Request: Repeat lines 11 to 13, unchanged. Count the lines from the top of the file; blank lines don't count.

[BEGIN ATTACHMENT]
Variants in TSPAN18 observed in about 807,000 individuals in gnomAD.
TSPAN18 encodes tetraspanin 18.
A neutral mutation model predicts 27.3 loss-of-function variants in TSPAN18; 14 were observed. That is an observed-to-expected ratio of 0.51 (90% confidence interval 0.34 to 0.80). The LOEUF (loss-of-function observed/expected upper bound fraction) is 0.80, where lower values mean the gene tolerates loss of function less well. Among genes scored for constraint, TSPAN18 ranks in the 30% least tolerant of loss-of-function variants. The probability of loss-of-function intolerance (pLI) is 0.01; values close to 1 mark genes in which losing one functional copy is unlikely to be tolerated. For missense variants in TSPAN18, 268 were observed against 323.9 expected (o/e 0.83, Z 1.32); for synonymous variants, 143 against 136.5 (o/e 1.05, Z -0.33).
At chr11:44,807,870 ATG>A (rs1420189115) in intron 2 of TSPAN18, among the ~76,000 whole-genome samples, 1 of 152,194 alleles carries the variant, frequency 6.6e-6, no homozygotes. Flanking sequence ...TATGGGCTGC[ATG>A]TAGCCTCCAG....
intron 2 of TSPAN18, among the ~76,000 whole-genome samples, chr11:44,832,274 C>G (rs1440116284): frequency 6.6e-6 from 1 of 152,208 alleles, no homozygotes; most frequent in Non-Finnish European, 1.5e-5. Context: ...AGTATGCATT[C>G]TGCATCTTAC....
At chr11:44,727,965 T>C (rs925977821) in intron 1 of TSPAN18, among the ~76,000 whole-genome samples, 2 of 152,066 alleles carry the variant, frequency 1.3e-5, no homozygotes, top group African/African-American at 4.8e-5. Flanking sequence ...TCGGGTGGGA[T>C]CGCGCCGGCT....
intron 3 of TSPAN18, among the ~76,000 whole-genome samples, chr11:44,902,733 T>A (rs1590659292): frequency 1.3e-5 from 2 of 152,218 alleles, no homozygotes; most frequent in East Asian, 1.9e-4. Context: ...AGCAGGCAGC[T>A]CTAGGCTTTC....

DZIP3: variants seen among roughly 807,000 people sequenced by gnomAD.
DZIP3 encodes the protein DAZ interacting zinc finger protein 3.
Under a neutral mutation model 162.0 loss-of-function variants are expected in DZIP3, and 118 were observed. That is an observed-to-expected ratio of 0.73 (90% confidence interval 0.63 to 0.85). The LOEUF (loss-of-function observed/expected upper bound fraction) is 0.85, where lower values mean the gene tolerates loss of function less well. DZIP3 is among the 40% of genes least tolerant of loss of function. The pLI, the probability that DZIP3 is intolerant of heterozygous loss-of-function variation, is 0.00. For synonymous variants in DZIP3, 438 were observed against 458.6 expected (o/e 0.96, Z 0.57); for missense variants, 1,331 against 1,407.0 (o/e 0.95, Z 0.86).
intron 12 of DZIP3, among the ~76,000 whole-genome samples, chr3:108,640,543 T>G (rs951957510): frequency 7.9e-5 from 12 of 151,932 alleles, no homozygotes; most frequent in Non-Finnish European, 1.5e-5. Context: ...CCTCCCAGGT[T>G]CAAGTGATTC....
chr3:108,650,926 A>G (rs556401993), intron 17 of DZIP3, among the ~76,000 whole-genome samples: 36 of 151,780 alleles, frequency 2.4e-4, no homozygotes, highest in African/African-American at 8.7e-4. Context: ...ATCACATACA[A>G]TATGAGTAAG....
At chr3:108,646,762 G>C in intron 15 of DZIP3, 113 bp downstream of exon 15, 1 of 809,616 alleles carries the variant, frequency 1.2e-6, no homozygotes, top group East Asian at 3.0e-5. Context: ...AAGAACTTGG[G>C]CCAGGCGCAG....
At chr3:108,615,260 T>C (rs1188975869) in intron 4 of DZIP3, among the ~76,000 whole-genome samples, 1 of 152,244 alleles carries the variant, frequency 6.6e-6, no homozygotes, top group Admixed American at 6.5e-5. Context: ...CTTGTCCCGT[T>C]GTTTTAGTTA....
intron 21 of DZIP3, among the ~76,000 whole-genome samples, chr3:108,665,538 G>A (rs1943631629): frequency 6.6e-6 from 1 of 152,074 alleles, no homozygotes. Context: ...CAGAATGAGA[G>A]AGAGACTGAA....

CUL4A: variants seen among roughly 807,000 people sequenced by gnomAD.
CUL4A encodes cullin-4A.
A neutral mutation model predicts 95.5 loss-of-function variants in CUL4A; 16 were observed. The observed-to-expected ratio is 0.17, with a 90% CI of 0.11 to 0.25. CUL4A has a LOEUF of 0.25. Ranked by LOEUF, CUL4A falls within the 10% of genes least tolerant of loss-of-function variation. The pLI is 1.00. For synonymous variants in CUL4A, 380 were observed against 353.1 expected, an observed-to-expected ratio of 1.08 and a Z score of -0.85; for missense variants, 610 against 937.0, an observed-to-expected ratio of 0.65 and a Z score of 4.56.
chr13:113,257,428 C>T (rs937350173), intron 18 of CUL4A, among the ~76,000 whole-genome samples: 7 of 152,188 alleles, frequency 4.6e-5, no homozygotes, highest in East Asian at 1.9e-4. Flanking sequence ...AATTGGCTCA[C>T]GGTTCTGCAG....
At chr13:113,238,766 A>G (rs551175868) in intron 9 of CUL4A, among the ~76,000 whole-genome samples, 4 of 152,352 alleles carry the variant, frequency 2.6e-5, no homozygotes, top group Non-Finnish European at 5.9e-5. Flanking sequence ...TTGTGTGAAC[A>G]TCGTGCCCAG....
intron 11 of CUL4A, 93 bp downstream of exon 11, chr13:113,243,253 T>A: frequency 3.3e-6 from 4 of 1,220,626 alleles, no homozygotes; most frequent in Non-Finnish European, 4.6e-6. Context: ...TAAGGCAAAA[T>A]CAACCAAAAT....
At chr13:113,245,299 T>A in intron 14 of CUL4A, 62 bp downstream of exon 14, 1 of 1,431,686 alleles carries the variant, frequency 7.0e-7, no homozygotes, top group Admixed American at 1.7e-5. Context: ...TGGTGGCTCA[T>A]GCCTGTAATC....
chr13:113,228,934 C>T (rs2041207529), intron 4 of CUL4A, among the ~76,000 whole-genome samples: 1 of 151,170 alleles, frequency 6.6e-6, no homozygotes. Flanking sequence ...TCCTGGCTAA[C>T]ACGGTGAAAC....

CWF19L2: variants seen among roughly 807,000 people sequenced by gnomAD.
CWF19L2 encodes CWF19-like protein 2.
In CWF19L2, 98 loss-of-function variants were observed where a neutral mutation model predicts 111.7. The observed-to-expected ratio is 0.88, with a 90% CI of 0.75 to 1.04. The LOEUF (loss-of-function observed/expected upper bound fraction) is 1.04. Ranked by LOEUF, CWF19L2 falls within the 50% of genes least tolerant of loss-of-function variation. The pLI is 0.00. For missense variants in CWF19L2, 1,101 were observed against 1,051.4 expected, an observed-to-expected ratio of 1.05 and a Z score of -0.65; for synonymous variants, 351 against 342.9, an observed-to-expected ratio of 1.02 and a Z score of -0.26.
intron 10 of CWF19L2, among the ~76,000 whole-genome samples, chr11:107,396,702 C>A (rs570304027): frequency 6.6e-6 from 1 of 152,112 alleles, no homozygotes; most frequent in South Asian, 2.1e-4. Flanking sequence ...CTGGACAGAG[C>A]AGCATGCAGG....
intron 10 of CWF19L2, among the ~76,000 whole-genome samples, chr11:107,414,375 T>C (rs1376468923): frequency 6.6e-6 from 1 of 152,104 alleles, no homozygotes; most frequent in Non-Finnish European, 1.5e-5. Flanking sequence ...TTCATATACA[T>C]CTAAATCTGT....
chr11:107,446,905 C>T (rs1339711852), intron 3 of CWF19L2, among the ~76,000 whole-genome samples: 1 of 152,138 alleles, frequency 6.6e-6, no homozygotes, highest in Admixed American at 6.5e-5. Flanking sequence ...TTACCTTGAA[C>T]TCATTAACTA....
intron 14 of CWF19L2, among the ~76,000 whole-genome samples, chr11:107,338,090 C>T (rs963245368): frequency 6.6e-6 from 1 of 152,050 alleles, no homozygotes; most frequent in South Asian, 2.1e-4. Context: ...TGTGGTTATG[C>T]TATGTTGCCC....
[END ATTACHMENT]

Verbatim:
intron 12 of DZIP3, among the ~76,000 whole-genome samples, chr3:108,640,543 T>G (rs951957510): frequency 7.9e-5 from 12 of 151,932 alleles, no homozygotes; most frequent in Non-Finnish European, 1.5e-5. Context: ...CCTCCCAGGT[T>G]CAAGTGATTC....
chr3:108,650,926 A>G (rs556401993), intron 17 of DZIP3, among the ~76,000 whole-genome samples: 36 of 151,780 alleles, frequency 2.4e-4, no homozygotes, highest in African/African-American at 8.7e-4. Context: ...ATCACATACA[A>G]TATGAGTAAG....
At chr3:108,646,762 G>C in intron 15 of DZIP3, 113 bp downstream of exon 15, 1 of 809,616 alleles carries the variant, frequency 1.2e-6, no homozygotes, top group East Asian at 3.0e-5. Context: ...AAGAACTTGG[G>C]CCAGGCGCAG....